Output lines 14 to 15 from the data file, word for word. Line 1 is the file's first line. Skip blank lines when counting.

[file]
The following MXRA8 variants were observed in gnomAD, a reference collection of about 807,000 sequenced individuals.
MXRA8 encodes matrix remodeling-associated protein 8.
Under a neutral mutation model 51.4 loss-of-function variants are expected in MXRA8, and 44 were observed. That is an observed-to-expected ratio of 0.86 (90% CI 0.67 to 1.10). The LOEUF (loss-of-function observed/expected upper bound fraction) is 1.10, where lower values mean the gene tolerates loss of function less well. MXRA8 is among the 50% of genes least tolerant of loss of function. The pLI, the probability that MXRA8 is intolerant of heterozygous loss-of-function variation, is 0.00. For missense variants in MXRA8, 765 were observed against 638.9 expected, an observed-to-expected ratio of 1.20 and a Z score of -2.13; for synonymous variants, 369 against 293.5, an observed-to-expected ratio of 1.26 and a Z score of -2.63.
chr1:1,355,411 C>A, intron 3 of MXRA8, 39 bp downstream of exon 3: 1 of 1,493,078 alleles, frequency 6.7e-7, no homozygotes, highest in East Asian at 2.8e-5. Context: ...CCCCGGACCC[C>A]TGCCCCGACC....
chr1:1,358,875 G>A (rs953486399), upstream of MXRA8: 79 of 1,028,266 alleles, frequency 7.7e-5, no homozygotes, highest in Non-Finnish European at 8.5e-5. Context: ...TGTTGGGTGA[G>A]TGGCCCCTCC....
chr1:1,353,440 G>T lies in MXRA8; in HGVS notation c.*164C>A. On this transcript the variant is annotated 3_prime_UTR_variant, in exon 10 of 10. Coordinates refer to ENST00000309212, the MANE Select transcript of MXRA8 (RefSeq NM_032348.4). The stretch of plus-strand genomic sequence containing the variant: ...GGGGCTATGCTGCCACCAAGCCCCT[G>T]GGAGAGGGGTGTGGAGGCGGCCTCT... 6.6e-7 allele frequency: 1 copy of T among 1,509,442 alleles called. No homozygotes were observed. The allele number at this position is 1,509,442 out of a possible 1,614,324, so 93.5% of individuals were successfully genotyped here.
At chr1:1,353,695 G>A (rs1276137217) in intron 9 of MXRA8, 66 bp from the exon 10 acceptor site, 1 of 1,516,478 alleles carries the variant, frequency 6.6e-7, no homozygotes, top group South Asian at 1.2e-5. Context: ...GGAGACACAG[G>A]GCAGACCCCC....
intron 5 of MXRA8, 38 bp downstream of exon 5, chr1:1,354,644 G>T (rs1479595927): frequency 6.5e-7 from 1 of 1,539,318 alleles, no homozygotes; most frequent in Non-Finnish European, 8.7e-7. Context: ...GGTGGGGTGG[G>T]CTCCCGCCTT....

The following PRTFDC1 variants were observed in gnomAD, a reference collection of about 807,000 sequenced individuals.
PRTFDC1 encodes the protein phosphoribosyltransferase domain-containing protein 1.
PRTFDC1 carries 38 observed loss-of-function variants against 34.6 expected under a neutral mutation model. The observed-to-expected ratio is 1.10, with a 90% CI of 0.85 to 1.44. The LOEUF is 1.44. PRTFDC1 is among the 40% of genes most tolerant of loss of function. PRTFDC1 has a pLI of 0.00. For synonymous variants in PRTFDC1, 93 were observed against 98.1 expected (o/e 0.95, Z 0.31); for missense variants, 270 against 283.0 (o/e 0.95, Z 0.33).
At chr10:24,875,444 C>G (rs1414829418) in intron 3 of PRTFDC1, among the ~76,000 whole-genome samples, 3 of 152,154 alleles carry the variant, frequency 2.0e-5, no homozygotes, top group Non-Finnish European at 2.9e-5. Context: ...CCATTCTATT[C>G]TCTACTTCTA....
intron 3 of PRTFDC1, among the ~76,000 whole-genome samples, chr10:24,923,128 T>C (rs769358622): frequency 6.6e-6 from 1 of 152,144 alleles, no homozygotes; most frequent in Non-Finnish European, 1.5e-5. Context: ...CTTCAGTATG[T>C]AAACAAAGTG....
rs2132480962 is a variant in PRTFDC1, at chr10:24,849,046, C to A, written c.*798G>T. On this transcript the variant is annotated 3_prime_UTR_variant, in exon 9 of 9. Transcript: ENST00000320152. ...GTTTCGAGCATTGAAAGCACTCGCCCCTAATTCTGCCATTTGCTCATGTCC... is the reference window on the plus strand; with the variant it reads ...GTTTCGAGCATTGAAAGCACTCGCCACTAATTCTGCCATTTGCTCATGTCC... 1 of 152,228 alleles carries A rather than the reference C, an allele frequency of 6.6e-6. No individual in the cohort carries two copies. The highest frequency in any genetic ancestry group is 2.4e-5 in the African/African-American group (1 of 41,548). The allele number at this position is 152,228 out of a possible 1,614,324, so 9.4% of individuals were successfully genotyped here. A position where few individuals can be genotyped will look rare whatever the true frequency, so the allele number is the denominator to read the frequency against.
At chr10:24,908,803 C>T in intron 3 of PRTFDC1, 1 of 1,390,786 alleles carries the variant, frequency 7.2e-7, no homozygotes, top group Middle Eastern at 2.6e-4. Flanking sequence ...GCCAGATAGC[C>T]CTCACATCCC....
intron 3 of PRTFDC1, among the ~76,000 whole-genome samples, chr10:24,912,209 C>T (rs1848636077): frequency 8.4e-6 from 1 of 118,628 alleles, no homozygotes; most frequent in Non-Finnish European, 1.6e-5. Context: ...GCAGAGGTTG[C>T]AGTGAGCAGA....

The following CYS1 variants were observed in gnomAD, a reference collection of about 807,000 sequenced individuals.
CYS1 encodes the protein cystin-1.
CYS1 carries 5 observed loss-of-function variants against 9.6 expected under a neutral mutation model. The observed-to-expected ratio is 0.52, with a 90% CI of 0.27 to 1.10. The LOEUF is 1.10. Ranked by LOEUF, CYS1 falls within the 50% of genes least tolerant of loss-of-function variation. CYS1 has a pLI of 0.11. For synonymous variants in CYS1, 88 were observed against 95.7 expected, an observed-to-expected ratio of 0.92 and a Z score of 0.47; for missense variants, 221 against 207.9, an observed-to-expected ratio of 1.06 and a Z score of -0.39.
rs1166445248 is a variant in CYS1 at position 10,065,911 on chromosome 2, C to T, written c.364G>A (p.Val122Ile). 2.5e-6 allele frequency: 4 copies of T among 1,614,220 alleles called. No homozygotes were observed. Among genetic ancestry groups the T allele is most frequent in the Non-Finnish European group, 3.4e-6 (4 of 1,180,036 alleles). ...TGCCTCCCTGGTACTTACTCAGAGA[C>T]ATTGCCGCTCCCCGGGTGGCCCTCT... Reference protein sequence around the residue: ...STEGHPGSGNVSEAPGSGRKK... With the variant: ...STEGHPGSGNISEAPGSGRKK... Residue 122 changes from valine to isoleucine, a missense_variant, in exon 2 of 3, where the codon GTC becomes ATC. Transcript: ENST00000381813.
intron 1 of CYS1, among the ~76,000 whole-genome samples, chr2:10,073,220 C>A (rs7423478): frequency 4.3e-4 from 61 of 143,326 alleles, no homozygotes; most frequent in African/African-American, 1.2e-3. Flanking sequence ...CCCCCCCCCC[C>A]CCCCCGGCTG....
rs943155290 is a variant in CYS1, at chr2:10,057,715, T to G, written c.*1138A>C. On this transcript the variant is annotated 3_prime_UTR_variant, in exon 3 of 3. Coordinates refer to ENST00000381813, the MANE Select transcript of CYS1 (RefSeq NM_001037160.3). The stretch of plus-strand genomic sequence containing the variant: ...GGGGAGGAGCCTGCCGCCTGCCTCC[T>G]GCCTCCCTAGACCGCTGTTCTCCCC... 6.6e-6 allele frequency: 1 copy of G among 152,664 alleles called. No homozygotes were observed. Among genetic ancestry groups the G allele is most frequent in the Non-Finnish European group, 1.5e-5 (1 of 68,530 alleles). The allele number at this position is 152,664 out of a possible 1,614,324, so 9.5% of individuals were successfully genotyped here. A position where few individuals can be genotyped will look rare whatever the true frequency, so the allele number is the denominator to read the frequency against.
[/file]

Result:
rs2132480962 is a variant in PRTFDC1, at chr10:24,849,046, C to A, written c.*798G>T. On this transcript the variant is annotated 3_prime_UTR_variant, in exon 9 of 9. Transcript: ENST00000320152. ...GTTTCGAGCATTGAAAGCACTCGCCCCTAATTCTGCCATTTGCTCATGTCC... is the reference window on the plus strand; with the variant it reads ...GTTTCGAGCATTGAAAGCACTCGCCACTAATTCTGCCATTTGCTCATGTCC... 1 of 152,228 alleles carries A rather than the reference C, an allele frequency of 6.6e-6. No individual in the cohort carries two copies. The highest frequency in any genetic ancestry group is 2.4e-5 in the African/African-American group (1 of 41,548). The allele number at this position is 152,228 out of a possible 1,614,324, so 9.4% of individuals were successfully genotyped here. A position where few individuals can be genotyped will look rare whatever the true frequency, so the allele number is the denominator to read the frequency against.
At chr10:24,908,803 C>T in intron 3 of PRTFDC1, 1 of 1,390,786 alleles carries the variant, frequency 7.2e-7, no homozygotes, top group Middle Eastern at 2.6e-4. Flanking sequence ...GCCAGATAGC[C>T]CTCACATCCC....